Raptors likely to look overseas with No. 1 pick in draft
Posted: Wednesday May 24, 2006 12:03PM; Updated: Wednesday May 24, 2006 4:53PM
Any mock draft is nothing more than an educated guess. Now that the draft lottery has revealed who will be picking where, we have a bit more information to make our guesses a bit more educated. Of course, the NBA predraft camp in Orlando from June 6-9 and ongoing individual workouts with teams will ensure a constant state of flux in evaluations over the next five weeks as we head toward June 28 in New York City.
And don't forget that early-entry candidates have until June 18 to withdraw their names from the draft. Determining who will withdraw is an educated guess as well. For now we expect the majority of international early-entry candidates to withdraw, as well as prospects like Aaron Gray, Arron Afflalo, Nick Fazekas, Daniel Gibson and Richard Roby. Culling information from NBA insiders, this mock draft reflects those assumptions.
SI.com's Mock NBA Draft -- Round 1
Benetton Treviso (Italy)
GM Bryan Colangelo has always had an eye for offensive talent, and Bargnani has more scoring potential than almost anyone else in this draft. Colangelo also has demonstrated a deft touch in incorporating international players into his teams. Adding Bargnani with Chris Bosh and Charlie Villanueva would give Toronto an enviable stable of talented young forwards.
The Bulls badly need an offensive post presence. While Aldridge needs to gain weight and strength to maximize his fundamentally sound post game, he would immediately become Chicago's best low-post scoring option.
Don't tell Bernie Bickerstaff that he already has Emeka Okafor and Sean May at power forward. This past season, when those two bigs were only part of an epidemic of injuries, proved you can never have enough talented big people. Thomas is the type of player who can run the lanes for Raymond Felton & Co.
The Blazers team that takes the floor in November will likely bear little resemblance to the one that finished this season. With that in mind, it's hard to say what Portland's biggest need is. Roy is a solid all-around talent who can play right away, adding stability to a franchise that sorely needs it.
Billy Knight may trade down to get a point guard, but if he picks the most talented player regardless of position, as he is wont to do, the gifted Gay may be the choice. Blessed with an explosive first step and quick jumping ability, Gay will fit right in with Knight's burgeoning collection of multifaceted swingmen.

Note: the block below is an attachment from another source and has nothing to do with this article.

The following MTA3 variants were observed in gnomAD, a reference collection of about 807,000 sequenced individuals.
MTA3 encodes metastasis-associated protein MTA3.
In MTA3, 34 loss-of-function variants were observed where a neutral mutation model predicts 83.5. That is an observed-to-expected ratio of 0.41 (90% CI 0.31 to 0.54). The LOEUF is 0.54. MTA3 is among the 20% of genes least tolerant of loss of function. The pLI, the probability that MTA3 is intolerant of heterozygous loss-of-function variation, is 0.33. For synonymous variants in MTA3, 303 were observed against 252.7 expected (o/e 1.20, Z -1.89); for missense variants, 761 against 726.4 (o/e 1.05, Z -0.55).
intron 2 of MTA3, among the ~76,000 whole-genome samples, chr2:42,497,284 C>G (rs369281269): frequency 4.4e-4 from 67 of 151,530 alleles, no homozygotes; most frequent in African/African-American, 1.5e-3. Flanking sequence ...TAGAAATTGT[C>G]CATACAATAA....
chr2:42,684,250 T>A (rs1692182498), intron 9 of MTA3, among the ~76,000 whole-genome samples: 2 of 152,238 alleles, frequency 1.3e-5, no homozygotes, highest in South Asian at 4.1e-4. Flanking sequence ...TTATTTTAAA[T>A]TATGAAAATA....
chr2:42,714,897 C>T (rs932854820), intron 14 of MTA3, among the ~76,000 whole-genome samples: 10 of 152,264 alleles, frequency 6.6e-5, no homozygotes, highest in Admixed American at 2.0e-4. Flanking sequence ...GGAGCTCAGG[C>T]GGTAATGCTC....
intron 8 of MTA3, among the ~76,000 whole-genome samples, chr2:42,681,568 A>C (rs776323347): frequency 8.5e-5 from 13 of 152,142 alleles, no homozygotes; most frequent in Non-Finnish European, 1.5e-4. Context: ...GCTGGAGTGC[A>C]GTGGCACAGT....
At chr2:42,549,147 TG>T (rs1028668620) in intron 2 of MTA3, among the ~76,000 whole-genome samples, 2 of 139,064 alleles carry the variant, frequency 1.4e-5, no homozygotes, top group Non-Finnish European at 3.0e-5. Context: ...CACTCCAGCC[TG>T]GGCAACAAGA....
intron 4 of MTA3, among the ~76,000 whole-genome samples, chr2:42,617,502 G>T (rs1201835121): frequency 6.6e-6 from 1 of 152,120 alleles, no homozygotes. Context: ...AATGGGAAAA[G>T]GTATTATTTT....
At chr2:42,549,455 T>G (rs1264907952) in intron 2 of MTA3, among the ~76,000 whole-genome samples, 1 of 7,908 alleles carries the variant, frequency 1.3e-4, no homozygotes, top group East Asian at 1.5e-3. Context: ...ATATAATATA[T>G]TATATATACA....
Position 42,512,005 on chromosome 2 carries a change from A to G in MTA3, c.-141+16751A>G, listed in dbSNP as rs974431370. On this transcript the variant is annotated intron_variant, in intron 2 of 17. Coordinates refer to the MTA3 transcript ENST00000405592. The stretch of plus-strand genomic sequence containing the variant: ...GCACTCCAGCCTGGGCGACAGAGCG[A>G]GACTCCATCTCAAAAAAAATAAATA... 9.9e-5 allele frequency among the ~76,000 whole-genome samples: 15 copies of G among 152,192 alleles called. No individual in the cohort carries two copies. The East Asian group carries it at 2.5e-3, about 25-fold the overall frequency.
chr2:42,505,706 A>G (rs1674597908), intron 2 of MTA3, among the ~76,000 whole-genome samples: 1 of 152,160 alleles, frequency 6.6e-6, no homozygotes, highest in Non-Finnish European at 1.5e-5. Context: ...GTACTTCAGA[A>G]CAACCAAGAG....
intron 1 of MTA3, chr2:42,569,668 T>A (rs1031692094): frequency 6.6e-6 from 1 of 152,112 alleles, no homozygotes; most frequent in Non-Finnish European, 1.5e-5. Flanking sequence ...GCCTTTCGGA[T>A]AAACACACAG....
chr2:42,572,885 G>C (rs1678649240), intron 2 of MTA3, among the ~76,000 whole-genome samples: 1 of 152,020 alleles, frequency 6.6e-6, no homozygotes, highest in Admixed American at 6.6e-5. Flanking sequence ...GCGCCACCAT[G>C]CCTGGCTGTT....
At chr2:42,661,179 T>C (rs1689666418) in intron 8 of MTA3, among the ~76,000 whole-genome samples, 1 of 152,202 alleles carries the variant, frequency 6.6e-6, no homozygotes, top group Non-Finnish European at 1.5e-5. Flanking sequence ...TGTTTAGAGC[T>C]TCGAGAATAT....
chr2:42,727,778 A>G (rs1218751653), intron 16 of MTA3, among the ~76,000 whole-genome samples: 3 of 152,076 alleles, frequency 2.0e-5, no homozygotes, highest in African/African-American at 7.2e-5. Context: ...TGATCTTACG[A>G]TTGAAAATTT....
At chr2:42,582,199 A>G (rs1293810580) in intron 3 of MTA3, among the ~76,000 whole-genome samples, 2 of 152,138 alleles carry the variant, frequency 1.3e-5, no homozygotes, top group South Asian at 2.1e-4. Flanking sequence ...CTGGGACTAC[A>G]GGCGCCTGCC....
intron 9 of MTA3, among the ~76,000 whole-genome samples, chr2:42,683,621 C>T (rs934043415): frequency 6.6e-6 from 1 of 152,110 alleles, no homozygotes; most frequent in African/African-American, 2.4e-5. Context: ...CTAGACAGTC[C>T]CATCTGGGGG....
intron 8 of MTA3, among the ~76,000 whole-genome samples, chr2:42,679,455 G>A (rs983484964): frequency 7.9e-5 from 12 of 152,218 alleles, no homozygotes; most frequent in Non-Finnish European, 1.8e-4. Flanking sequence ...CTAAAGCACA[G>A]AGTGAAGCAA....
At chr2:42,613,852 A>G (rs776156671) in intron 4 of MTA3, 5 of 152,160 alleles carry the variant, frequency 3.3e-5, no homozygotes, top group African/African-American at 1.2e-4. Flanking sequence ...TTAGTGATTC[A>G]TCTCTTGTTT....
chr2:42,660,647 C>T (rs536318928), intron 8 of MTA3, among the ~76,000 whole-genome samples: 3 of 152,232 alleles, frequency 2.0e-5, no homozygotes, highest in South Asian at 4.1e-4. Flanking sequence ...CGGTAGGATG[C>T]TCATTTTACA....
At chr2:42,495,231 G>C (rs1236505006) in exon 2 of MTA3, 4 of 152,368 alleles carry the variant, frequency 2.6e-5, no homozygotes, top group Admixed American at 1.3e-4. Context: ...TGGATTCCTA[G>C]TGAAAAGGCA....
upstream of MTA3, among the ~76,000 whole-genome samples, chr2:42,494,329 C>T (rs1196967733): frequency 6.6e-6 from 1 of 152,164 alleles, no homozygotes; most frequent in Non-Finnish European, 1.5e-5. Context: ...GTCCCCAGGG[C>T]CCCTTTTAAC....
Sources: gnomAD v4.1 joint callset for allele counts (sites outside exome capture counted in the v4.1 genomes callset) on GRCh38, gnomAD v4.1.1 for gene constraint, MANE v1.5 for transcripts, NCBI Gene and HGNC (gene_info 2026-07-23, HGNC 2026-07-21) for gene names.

An electrifying athlete who thrives in the open-court game, Carney would help the 'Wolves take another step in their efforts to fashion a more athletic running team. He'll need some time to figure out how his individualistic game works within a team framework, but Kevin McHale drafts on talent and lets the chips fall where they may.
The college game's most gifted playmaker, Williams has that innate feel for the game, knowing how to distribute the ball to teammates through heavy congestion in the lane. His presence would allow Delonte West to back up both guard spots, which West is well suited to do.
Too often last season Houston struggled to score, allowing defenses to tighten their surveillance of Yao Ming and Tracy McGrady. Morrison is a throwback player in that he can score from anywhere on the floor. He moves without the ball, uses screens as well as fakes to get open, and has a lightning-quick release.
When O'Bryant went for 28 points against Aaron Gray and Pittsburgh in the NCAA tournament, you knew he would be staying in the draft. He's got some athleticism and has the makings of a solid postup game. The Warriors need some low-post offense to complement their superior perimeter game.
Ray Allen and Rashard Lewis are outside-in players who don't want someone clogging the lane, so why not get another three-point threat and force defenses to spread out even further? Redick's unerring shooting touch, terrific work ethic and intelligence in setting up defenders would fit right in on this team.
Mental toughness is a quality that is highly coveted by NBA teams, and Foye has plenty, to go along with a lot of shooting-guards skills. Foye is an excellent one-on-one player and a better perimeter player than incumbent DeShawn Stevenson.
With P.J. Brown contemplating retirement or a trade to a contender, the Hornets need a dirty-work defender and rebounder to take his place. Over his final two college seasons, Williams averaged 11 boards a game. He also provides a dependable shot-blocking presence.
A combo guard with good size, Collins has the makings of a defensive stopper, and the 76ers have all but given up on John Salmons. Collins knows his limitations on the offensive end and works to get within his range (about 18 feet) to maximize his results. The Sixers would love to find the reincarnation of Aaron McKie.
He didn't get a lot of exposure playing for a middling Big East Conference team, but Douby is one of the best perimeter shooters you have never heard of. He has "in the gym" range and is starting to put together an off-the-dribble game as well. The Jazz could certainly use a three-point threat to complement the front line of Kirilenko, Boozer and Okur.
The quintessential late bloomer, Armstrong earned some attention this season on one of the nation's most talented teams. His shot-blocking and his defensive prowess are his NBA-level skills, while rounding out his offensive game is on his to-do list. The Hornets, who lost Chris Andersen to drugs, desperately need to fortify a thin frontcourt.